He supports these arguments with an analysis of SAGE, ENIAC, and analog computing systems during World War II. Edwards argues, “The most essential legacy of SAGE consisted in its role as a support, in Michel Foucault’s sense, for closed-world politics” (pg. 103). Discussing the discourses of the Cold War, Edwards writes, “It was quite literally fought inside a quintessentially semiotic space, existing in models, language, iconography, and metaphor, embodied in technologies that lent to these semiotic dimensions their heavy inertial mass. In turn, this technological embodiment allowed closed-world discourse to ramify, proliferate, and entwine new strands, in the self-elaborating process Michel Foucault has described” (pg. 120). Edwards links the space race to this closed-world system. He writes, “A heavy irony lay behind the discursive décalage between the frontier imagery and the Cold War competition: most of the swarming satellites and spaceships were sent up only to look down. With every launch another orbiting object drew its circle around the planet, marking the enclosure of the world within the God’s-eye view from the void” (pg. 135).

Examining cybernetics, cognitive psychology, and artificial intelligence, Edwards argues, “the cyborg discourse generated by these theories was from the outset both profoundly practical and deeply linked to closed-world discourse. It described the relation of individuals, as system components and as subjects, to the political structures of the closed world” (pg. 147). He continues, “Symbolic computation did not emerge mainly form theoretical concerns. Instead, its immediate sources lay in the practice of the programming craft, the concrete conditions of hardware, computer use, and institutional context, and the metaphors of ‘language,’ ‘brain,’ and ‘mind’: in other words, the discourse of the cyborg” (pg. 246). According to Edwards, “In the early 1980s, discourses of the closed world and the cyborg found their apotheosis” as “the most controversial military program of the period, the Strategic Defense Initiative, relied to an unprecedented degree on centralized computer control, while its rhetoric employed extraordinary closed-world iconography” (pg. 275). Of the realm of popular culture, Edwards writes, “These fictional constructions captured the political and conceptual connections among information tools, war machines, and artificial minds within a single cultural gestalt. In displaying the relation between the closed-world stage and its subjective spaces, science fiction enacted the subjectivity of cyborg minds” (pg. 276). Finally, Edwards writes, “The closed world, in both politics and fiction, represents a special kind of dramatic space whose architecture is constituted by information machines. As a stage or space, the closed world defines a set of subject positions inhabited – historically, theoretically, and mythologically – by cyborgs” (pg. 304).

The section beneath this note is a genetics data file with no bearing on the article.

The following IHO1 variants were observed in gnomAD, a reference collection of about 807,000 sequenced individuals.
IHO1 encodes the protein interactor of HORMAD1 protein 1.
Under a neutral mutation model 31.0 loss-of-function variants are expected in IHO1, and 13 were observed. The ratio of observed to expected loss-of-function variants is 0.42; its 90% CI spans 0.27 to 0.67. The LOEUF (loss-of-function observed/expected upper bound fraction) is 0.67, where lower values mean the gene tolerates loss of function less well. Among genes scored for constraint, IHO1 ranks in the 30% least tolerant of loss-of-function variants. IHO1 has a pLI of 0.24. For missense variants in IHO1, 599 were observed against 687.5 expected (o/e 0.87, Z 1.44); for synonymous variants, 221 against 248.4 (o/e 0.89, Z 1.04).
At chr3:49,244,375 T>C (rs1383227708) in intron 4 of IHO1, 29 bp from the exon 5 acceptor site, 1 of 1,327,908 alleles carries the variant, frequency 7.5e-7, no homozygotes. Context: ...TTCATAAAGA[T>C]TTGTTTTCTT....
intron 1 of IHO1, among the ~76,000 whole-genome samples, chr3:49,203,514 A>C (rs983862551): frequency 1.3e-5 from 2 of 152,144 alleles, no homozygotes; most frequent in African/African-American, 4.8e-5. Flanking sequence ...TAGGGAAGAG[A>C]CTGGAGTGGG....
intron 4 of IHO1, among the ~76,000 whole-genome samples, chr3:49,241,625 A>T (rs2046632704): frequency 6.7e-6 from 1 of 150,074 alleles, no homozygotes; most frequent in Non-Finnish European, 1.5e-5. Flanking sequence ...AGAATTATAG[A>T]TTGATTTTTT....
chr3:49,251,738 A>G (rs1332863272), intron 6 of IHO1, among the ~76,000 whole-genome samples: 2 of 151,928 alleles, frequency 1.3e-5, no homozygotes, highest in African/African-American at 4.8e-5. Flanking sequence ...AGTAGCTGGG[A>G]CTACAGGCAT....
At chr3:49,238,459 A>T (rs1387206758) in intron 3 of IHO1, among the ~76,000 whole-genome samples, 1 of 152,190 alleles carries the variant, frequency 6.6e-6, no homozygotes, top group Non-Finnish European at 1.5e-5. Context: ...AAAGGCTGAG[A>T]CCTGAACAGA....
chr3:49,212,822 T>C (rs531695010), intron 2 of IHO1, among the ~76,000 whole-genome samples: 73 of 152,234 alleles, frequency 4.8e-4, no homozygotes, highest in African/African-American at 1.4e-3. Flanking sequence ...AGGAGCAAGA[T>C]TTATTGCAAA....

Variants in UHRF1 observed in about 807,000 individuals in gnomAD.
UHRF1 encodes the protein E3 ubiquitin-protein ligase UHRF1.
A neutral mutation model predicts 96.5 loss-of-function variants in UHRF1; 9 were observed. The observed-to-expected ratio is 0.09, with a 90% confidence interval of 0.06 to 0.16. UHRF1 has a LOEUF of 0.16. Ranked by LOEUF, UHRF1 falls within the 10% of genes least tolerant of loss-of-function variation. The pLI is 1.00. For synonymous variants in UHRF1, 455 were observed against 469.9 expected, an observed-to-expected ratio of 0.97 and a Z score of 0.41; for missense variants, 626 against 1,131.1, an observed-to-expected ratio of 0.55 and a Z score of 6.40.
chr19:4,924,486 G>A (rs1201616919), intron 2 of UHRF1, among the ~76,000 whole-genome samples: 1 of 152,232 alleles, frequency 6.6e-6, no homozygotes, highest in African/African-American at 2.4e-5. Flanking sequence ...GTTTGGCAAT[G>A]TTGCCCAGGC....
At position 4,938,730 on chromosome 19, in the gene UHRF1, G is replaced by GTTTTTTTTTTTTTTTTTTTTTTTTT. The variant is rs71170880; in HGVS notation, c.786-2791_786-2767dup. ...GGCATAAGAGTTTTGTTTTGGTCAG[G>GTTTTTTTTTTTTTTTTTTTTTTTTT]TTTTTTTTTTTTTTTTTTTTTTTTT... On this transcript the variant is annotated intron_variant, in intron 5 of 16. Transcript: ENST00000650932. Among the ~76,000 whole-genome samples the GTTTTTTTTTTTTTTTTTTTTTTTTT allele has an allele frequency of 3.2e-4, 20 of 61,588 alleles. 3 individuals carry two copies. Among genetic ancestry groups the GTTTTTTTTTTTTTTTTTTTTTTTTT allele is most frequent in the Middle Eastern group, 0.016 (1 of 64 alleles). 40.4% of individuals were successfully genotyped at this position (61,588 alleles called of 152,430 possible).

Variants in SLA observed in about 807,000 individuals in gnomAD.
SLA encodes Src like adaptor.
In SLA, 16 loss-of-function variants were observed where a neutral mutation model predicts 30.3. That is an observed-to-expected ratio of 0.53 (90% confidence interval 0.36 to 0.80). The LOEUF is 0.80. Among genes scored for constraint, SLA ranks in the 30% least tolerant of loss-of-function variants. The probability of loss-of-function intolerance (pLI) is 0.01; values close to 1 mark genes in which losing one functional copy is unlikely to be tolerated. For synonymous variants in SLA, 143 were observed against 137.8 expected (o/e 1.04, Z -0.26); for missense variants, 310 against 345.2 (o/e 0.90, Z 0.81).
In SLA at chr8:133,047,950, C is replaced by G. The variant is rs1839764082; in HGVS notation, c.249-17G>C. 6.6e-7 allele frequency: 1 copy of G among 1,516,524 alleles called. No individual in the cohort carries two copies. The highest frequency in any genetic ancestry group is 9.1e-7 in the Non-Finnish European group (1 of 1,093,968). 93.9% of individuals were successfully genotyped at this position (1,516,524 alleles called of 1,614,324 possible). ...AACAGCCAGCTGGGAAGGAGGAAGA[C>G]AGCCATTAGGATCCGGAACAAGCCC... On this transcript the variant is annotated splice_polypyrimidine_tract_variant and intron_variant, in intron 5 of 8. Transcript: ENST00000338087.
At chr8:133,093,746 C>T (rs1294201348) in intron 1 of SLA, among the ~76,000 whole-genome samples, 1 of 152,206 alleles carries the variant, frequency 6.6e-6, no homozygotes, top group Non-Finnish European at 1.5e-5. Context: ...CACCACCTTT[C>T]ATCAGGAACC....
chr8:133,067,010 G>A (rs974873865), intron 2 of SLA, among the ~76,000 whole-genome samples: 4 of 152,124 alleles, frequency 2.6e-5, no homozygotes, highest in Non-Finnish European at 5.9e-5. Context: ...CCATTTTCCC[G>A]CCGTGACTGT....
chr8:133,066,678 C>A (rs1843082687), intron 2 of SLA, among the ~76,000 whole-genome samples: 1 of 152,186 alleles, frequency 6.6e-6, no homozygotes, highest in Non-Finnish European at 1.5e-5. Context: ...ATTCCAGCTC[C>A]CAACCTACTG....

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DarthDeverell | 1 muu arvostelu | Dec 10, 2017 |
"This is first rate intellectual history. Not an easy read, but worth it if you want to understand how science in the modern age works. Turns out that theory is the easy part. Data and models (in particular, computer models) are at the center of all the controversies around global warming. You could take the conceptual framework Edwards develops and apply it to any number of public policy problems, starting with education. Highly recommended."
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atortorice001 | 2 muuta kirja-arvostelua | Mar 4, 2012 |
The Closed World: Computers and the Politics of Discourse in Cold War America is a 1997 classic
 
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vegetarian | 1 muu arvostelu | Aug 22, 2011 |
A comprehensive, informative, and accessible account of the history of the development of climate models, of the infrastructure that sustains them, and of their epistemological underpinnings.
 
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jorgearanda | 2 muuta kirja-arvostelua | Nov 21, 2010 |